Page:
LSF event celebrates Hispanic culture

Kellie Galentine
Assistant Life Editor

The sound of Cumbia music could be heard on Monday in Sneaky Park where the Latino Student Forum hosted a Cinco de Mayo celebration.

Students gathered to eat enchiladas, churros, beans and rice as the celebration went on. Mexican style decorations adorned the area and students enjoyed each other’s company.

“It’s Cinco de Mayo, it’s a Mexican tradition remembering the war against the French,” Eduardo Fernandez, vice president of Latino Student Forum, said.

“We do this every year because it has turned into more of an American tradition but we are trying to bring Hispanic culture to campus.”

The Latino Student Forum also hosted a Cinco de Mayo rock painting on Monday night. Fernandez said that the club is like a family.

“Many first generation American Hispanics don’t really know about their culture,” Fernandez said, senior biology major.

The event to celebrate Cinco de Mayo attracted students of all different cultures and ethnicities.

“Just because I am ethnically diverse, I feel that these events allow me to be open-minded and I appreciate the college’s mindset in celebrating traditional ethnic heritage,” Nicolle Longoria, sophomore chemistry major, said.

While there was plenty of food and music to bring students in some felt as though the event lacked actual advocacy for traditional heritage.

“I think student organizations could do more than play music and serve food, but maybe talk about their culture,” Christian Moore, sophomore kinesiology major at the event, said.

“It’s missing something, but I don’t know what.”

The University of La Verne is a Hispanic serving institution with over half of the student population identifying as Hispanic or Latino. The University also holds diversity and inclusivity as two core values. Fernandez said that student organizations like Latino Student Forum work to embrace and advocate for Hispanic culture.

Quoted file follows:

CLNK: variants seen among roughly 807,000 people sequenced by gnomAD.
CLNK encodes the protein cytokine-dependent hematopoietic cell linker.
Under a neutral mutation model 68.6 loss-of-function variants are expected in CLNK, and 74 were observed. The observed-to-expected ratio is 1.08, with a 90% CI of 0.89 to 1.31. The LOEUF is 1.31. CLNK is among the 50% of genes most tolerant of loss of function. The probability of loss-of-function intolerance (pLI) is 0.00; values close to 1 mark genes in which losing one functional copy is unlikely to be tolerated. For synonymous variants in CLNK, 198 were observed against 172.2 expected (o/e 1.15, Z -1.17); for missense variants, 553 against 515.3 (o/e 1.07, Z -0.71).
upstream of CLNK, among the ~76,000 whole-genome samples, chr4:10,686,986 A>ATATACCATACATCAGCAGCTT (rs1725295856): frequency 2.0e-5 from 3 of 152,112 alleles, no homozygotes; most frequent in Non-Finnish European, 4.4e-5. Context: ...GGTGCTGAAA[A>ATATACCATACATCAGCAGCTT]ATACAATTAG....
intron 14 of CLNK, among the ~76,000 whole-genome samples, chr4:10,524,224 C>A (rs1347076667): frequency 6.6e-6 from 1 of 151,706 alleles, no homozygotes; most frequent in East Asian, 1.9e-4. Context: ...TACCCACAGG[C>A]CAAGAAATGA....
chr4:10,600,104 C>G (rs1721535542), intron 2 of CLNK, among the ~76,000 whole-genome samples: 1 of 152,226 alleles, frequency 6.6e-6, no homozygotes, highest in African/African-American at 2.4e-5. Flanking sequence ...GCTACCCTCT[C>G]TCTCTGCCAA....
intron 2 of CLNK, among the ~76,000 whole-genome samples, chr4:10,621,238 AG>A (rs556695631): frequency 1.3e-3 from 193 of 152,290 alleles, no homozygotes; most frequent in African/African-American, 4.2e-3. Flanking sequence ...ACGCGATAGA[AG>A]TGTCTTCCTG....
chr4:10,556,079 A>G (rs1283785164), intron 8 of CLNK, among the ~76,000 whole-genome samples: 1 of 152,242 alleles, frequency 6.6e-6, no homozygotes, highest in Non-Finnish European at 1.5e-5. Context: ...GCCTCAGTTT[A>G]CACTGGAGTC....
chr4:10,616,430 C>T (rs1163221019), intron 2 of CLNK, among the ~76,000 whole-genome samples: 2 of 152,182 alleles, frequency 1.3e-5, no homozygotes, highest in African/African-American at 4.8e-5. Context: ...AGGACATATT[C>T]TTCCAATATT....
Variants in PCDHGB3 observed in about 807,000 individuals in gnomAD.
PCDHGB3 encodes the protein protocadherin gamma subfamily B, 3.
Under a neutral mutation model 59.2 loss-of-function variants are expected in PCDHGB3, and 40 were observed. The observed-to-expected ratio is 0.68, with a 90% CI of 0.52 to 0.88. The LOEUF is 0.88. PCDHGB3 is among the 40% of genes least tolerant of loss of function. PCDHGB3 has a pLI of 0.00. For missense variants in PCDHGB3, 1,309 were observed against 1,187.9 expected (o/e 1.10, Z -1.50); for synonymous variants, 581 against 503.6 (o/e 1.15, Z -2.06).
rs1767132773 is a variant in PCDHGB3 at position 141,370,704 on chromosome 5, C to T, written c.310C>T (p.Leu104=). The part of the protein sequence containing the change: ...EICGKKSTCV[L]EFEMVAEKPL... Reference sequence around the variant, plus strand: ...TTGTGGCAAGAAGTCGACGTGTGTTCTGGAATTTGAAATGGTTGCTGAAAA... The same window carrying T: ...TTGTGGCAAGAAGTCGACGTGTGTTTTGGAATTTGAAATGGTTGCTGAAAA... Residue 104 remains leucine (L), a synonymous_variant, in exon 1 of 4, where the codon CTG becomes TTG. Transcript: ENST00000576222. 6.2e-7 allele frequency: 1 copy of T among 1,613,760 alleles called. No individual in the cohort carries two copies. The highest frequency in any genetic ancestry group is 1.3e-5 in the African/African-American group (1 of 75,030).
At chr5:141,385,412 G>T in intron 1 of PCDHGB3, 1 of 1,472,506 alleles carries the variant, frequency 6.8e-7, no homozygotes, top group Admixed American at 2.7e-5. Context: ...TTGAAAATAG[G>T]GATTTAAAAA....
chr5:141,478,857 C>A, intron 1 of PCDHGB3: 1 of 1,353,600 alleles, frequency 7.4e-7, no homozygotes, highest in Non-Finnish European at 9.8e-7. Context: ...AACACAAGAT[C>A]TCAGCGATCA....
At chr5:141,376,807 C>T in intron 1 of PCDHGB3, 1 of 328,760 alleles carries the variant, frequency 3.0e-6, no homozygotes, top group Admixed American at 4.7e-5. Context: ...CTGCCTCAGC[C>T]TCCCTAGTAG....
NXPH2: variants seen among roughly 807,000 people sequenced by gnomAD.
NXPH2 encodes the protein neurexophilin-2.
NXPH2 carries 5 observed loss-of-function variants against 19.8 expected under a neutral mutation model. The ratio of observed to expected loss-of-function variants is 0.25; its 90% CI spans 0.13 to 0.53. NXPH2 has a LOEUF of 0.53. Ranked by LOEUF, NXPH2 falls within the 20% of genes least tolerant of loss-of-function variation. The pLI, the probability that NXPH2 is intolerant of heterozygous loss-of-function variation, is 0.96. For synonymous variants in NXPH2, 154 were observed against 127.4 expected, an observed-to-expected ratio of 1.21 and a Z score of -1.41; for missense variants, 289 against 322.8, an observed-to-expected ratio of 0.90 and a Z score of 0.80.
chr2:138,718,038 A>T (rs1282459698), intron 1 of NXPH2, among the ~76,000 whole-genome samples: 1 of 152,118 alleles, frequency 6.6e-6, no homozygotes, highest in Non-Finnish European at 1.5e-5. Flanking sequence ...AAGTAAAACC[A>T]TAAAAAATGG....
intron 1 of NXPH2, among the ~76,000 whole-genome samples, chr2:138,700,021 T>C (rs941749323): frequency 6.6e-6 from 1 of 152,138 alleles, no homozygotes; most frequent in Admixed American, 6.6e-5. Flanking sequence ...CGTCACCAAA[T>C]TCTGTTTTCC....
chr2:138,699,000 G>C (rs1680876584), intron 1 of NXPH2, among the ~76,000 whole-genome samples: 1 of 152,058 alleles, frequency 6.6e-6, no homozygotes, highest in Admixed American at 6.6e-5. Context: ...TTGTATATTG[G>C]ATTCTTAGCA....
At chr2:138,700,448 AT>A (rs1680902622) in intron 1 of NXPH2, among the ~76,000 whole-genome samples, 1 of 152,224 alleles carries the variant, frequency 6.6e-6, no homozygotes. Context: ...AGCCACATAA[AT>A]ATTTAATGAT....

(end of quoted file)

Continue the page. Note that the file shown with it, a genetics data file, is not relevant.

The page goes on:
“Being Hispanic, I think that it is very important to embrace all of our cultures even though some are less dense than others,” Moore said.

Along with the Cinco de Mayo celebration, the club participates in and holds other campus events like Relay for Life. Next week the Latino Student Forum will hold a salsa dancing night for its members.

“For me personally my dad is from Costa Rica and my mom is from Colombia and they have taught me about food, dances, traditions among other things, but not all students have mixed with their Hispanic culture,” said Fernandez.

Kellie Galentine can be reached at kellie.galentine@laverne.edu.

Latest Stories

Related articles

Community comes together for Earth Day

The Ocean Movement Club at ULV partnered with the Peace and Carrots Community Garden for a civic and community engagement day in celebration of Earth Day.

La Verne brings Black community together

The Office of Multicultural Affairs invited all Black undergraduates, graduates, alumni, faculty and staff to a brunch featuring food from Day Day’s BBQ and Waffle House in Pomona.

ULV students celebrate African culture

The African Student Association held its first event – A Night in Africa – on April 11 in the Howell Board Room. The event introduced the organization’s six-member executive board and its mission of promoting African culture on campus.

Club spreads environment awareness

The La Verne Ocean Movement Club is a student led organization on campus that is devoted to cleaning up the local community. The club’s purpose is to emphasize the effects that individual activities have on our environment.